All nurseries can offer a fun, safe place to play and learn in the care of well-trained and experienced staff. It’s useful to visit a few in your area to really get a feel for what will be right for you and your child.

Childminders

Childminders usually look after children in their own home. Normally it’s just for a small group of children and can often include the childminder’s own kids too.

Childminders are self-employed, and can sometimes be more flexible with their working hours. They follow the same type of curriculum as nurseries and playgroups, & will make the most of local parks, libraries and even other playgroups to provide your child with lots of fun and learning.

Outdoor learning provisions

Some ELC services have more of a focus on outdoor experiences where either some of the day or the full day’s activities are delivered outdoors.

They might be located in local woodland, a park or some other green space, or the children will visit these places as part of their day. With easy access to loads of outdoor activities and experiences, children get to enjoy more fun in the fresh air.

Playgroups

Playgroups are voluntary sector services run by parent committees, often with other parents helping out. They follow the same guidelines as nurseries with the same commitment to staff qualifications and ratios. Like nurseries, playgroups offer kids loads of different indoor and outdoor activities to get them inspired during the day and burn off lots of energy while they're at it!

Children and family centres:

Children and family centres (also called Community nurseries) usually offer a full-day for wee ones from 0 - 5 years. They can also include other helpful support and services for families.

What kind of flexibility can I get?

Well, it really all depends on what’s available in your area. What’s on offer will be different all over the country. But there are many different types of ELC out there which means you might be able to choose from:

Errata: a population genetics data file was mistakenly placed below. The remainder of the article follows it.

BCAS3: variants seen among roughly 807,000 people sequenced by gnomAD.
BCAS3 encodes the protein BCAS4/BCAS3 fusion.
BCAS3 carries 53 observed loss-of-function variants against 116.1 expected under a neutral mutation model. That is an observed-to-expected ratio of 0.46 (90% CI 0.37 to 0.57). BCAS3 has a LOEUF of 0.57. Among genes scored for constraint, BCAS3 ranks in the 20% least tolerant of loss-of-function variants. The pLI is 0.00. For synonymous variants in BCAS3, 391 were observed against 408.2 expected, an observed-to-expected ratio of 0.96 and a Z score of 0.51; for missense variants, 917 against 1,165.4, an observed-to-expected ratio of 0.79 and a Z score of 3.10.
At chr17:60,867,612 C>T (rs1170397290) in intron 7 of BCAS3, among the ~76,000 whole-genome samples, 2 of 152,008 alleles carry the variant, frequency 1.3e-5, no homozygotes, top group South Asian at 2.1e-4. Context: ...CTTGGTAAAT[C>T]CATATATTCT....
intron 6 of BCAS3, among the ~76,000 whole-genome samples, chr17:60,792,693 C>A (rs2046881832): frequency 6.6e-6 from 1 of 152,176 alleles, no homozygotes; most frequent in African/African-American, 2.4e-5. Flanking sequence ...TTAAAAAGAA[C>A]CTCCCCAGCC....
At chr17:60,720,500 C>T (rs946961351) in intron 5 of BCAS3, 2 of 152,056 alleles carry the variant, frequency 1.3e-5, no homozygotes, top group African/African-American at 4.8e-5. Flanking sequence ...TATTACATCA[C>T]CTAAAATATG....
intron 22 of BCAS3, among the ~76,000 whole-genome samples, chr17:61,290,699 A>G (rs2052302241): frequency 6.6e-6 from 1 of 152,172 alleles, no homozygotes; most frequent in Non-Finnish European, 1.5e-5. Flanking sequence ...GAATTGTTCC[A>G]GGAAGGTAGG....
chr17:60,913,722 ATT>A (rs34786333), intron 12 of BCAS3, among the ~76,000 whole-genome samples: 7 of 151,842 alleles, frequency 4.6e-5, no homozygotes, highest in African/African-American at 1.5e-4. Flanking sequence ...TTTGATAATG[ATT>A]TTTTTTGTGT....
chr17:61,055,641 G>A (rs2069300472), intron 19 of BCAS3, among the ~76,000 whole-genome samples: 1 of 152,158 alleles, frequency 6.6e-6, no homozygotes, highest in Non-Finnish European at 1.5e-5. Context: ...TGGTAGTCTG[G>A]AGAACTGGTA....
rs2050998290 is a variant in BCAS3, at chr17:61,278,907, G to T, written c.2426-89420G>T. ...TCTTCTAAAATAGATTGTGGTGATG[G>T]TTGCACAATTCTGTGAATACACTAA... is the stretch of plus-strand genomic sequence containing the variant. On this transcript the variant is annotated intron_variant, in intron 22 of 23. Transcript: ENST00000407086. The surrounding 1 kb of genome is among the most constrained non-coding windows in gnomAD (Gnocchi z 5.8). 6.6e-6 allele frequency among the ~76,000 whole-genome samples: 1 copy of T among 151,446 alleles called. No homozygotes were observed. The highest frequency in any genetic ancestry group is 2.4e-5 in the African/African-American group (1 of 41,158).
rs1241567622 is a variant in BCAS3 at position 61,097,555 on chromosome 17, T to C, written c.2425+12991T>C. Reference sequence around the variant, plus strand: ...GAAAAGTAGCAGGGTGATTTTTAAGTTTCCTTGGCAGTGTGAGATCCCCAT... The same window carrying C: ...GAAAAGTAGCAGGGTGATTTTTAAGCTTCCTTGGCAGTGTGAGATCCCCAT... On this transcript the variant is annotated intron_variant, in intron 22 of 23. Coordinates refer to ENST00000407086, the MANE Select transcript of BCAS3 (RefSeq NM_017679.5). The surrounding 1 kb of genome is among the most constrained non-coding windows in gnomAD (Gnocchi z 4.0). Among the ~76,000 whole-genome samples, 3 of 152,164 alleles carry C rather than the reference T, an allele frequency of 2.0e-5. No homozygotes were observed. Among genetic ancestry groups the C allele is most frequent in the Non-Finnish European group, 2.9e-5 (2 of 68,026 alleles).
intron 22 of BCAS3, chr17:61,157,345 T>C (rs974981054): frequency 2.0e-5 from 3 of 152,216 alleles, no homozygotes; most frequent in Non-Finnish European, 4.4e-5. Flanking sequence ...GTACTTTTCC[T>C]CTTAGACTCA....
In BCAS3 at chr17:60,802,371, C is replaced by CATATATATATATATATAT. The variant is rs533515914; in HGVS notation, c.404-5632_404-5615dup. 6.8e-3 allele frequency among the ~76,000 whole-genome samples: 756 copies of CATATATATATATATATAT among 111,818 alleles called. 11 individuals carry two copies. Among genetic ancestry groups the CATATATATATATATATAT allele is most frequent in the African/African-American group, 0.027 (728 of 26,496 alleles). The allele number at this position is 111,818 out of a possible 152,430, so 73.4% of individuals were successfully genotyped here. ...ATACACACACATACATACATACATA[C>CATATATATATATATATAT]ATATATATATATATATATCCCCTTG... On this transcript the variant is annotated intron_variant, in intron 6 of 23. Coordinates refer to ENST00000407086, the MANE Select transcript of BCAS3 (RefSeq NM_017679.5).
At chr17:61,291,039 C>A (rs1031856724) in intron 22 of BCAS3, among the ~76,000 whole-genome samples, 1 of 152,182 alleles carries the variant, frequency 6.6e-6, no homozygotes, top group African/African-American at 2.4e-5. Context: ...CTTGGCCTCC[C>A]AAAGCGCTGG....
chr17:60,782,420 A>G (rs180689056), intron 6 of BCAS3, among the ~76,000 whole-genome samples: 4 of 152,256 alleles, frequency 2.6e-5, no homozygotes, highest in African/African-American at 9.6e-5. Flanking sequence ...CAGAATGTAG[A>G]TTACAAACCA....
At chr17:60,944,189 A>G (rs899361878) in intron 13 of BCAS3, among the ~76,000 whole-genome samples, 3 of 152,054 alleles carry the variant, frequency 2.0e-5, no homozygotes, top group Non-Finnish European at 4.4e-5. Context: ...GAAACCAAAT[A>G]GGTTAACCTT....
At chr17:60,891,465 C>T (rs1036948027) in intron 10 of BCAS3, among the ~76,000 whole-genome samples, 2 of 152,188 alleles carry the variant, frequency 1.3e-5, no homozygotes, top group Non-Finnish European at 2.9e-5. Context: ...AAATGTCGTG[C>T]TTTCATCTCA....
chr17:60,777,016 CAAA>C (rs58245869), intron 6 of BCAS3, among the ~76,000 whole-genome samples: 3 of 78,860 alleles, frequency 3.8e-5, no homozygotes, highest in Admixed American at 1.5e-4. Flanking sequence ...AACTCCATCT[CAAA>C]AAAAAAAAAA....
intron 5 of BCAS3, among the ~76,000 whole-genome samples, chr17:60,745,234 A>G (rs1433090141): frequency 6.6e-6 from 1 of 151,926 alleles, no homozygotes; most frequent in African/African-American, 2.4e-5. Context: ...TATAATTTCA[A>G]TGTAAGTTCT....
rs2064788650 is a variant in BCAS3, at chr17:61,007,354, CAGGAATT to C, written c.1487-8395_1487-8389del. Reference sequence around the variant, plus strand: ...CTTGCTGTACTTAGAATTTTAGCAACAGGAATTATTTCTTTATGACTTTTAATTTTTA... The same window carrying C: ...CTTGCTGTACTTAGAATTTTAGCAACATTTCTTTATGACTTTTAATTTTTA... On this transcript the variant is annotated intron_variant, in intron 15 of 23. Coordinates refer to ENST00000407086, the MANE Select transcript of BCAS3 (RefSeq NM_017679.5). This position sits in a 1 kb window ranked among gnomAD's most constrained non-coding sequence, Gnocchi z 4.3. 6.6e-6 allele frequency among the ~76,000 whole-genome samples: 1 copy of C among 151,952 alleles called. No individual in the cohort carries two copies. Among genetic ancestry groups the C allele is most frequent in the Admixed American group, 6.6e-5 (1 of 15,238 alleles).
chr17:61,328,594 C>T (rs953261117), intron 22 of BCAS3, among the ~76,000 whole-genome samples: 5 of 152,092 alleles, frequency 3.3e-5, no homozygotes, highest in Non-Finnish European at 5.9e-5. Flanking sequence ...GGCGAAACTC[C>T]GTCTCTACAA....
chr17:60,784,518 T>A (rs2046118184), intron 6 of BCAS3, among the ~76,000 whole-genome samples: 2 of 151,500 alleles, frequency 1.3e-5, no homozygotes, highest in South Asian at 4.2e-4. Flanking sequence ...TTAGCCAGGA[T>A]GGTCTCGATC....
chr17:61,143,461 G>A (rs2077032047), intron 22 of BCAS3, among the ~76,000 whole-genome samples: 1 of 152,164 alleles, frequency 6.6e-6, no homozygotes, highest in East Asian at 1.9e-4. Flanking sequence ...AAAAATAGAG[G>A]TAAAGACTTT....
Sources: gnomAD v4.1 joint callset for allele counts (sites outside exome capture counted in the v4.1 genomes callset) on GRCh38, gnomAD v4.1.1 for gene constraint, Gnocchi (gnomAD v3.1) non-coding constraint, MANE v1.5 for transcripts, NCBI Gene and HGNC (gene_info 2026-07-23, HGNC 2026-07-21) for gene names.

• Full days
  • Part days
  • School days
  • Term time or year round

How to find your nearest provider:

You can find registered providers in your area by visiting the Care Inspectorate website. You can also contact your local authority to find out about funded places near you from the drop-down list below

 

Do I have to take the funded hours?

No, the hours are an entitlement, not a requirement, so you can choose to take all or part of the hours available to you.

How do I access these hours?

Each local authority has its own application process and dates – which means you might have to apply a year in advance depending on where you live. Contact them to find out when and how to apply by using the dropdown below.

 

Who doesn't provide ELC?

There are other childcare options that parents sometimes choose that don’t offer funded Early Learning and Childcare. For example:

Out of School Care

This is usually for school age children and includes breakfast clubs, after school clubs and services, and holiday clubs. Many also provide a full-day service during the school holidays.

Crèches

They offer drop-in care for children to allow adults time to tackle other things, like further education, shopping or having a break! Sometimes these are registered with the Care Inspectorate and have inspections available online, but not all creches have to be registered.

Nannies

They are employees of a family. They may live-in or come to the home every day on a full or part time basis. They might have qualifications or experience but they don’t have the same registration requirements as other types of childcare.